Student Response and Resistance


Students await group photos for their yearbook outside of Hyde Park High School under police supervision in 1976

While some students accepted the adjustments to enrollment assignments and overall integration efforts, others fed into the atmosphere of resistance and defiance. Roughly a month into the school year, 175 white students staged a walkout from Charlestown High the morning of October 14, 1975. Two days later, an entire bus full of black students from Roxbury refused to get out to upon arrival to the same school and were eventually driven back home. Reports of student on student and student on faculty assaults escalated within the next few weeks. In one incident, a teacher at the Edison School in Brighton was instructing a 13-year-old female from Roxbury against disrupting the class when the student proceeded to grab the teacher by the hair, pull her to the ground, and punch and kick her in the stomach and back. Less violent incidences and forms of protest also occurred such as the passing out of pamphlets by Hyde Park students including the phrase, “Stop Phase 2 – Fight for Decent and Equal Education.” By the end of the first month of the school year, one report claimed that out of Brighton, Jamaica Plain, West Roxbury, Hyde Park, Dorchester, South Boston, Roxbury, and East Boston, nearly 700 students had been suspended.[2] Related to busing or not, these suspensions attest to the unhealthy climate of the Boston area schools at the outset of Phase II.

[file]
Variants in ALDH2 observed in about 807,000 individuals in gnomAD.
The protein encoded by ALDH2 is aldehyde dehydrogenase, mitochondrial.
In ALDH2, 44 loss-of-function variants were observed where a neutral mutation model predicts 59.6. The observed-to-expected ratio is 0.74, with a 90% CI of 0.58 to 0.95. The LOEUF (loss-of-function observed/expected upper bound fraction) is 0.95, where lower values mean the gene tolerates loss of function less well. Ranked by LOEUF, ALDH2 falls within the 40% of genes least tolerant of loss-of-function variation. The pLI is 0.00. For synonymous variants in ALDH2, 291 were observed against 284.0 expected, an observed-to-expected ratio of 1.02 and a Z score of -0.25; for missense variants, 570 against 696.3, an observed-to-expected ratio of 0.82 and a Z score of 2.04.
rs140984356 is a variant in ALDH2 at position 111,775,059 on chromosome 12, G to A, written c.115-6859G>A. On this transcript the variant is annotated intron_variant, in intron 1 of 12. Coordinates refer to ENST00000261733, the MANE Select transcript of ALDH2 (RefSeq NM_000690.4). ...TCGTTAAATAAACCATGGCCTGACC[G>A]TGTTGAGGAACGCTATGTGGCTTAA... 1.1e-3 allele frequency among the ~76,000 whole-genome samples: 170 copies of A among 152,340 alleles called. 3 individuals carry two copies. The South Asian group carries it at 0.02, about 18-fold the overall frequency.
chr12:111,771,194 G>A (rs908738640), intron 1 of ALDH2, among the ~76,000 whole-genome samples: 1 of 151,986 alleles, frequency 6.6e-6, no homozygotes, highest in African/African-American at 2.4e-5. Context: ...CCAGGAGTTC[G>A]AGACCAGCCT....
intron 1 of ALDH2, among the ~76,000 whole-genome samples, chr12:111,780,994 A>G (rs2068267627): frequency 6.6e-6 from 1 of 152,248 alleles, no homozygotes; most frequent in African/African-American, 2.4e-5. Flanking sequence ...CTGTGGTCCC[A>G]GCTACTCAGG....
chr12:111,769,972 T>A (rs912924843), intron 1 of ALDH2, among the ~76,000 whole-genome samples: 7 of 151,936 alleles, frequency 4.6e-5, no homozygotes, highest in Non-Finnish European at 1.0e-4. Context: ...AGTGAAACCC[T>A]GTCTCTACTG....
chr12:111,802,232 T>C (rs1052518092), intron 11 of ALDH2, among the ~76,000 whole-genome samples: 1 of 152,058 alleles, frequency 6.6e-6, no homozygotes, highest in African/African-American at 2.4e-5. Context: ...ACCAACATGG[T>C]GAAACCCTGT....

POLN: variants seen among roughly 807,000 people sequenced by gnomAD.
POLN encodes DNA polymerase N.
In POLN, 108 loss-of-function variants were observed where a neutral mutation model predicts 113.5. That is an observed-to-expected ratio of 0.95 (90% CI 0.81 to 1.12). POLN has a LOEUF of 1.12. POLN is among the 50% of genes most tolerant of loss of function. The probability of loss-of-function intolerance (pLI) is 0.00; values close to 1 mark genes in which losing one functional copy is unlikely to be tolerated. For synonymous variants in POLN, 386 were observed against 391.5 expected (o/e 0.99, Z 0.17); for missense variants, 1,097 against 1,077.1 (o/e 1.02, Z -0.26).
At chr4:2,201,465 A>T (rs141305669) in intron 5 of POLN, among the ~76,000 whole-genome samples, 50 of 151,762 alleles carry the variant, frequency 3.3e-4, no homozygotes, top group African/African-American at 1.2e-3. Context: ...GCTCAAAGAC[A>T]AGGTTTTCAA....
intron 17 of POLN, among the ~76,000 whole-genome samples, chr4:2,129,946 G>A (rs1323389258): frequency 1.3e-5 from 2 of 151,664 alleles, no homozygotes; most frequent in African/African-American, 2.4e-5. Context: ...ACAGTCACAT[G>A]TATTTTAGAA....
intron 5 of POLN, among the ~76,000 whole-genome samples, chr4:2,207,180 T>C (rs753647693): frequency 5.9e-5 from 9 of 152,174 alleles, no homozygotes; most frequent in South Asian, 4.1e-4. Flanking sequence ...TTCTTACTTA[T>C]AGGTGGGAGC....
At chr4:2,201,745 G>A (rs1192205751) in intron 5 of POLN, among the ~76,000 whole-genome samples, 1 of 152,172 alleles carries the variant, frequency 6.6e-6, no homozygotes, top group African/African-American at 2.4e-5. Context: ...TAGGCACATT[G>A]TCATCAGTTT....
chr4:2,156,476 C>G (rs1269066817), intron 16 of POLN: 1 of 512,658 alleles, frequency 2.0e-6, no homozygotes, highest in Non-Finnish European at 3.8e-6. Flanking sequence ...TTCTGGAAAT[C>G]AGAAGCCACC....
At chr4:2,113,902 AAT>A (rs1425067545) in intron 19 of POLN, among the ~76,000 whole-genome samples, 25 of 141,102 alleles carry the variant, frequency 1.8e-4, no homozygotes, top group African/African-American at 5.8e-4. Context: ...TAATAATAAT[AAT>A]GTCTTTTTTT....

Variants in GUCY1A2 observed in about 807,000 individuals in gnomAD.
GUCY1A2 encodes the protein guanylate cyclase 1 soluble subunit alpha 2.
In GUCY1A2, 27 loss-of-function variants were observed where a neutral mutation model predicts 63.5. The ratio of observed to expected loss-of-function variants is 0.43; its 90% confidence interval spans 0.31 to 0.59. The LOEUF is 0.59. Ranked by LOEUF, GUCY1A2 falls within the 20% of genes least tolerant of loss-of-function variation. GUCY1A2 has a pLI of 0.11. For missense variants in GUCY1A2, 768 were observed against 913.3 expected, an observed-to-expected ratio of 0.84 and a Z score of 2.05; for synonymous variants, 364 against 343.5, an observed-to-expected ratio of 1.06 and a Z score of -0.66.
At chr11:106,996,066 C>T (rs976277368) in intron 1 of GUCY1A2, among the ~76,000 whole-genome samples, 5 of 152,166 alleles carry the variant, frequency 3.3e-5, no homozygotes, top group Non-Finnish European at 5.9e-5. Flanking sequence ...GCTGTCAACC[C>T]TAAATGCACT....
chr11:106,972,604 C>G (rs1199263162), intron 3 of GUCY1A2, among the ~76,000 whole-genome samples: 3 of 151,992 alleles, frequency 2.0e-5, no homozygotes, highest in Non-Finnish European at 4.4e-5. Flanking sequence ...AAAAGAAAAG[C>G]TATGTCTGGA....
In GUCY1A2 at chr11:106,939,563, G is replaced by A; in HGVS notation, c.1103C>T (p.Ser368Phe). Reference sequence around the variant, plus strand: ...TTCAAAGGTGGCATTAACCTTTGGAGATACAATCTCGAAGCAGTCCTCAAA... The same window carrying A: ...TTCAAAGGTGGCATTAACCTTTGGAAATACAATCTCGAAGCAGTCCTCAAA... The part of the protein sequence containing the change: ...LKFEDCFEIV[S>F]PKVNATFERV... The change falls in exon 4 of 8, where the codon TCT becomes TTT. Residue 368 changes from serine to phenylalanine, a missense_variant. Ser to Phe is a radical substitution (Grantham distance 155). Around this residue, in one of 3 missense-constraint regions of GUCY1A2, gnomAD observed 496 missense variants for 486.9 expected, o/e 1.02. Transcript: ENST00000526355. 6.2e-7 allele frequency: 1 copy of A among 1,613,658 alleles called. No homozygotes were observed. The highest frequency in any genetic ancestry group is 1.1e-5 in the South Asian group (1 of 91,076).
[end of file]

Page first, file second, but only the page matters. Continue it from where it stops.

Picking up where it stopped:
citywide student demands.jpg

Students across Boston outlined demands for better communication, treatment, and education.

[1] Boston Public Schools, “Projected Enrollments and Daily Attendance-All Schools,” September 10, 1975, 1.

[2] Clergy Committee, “Suspension Figures (School Department),” October 28, 1975.

[3] “Citywide Boston Students’ Demands,” April 5, 1976.

Student Response and Resistance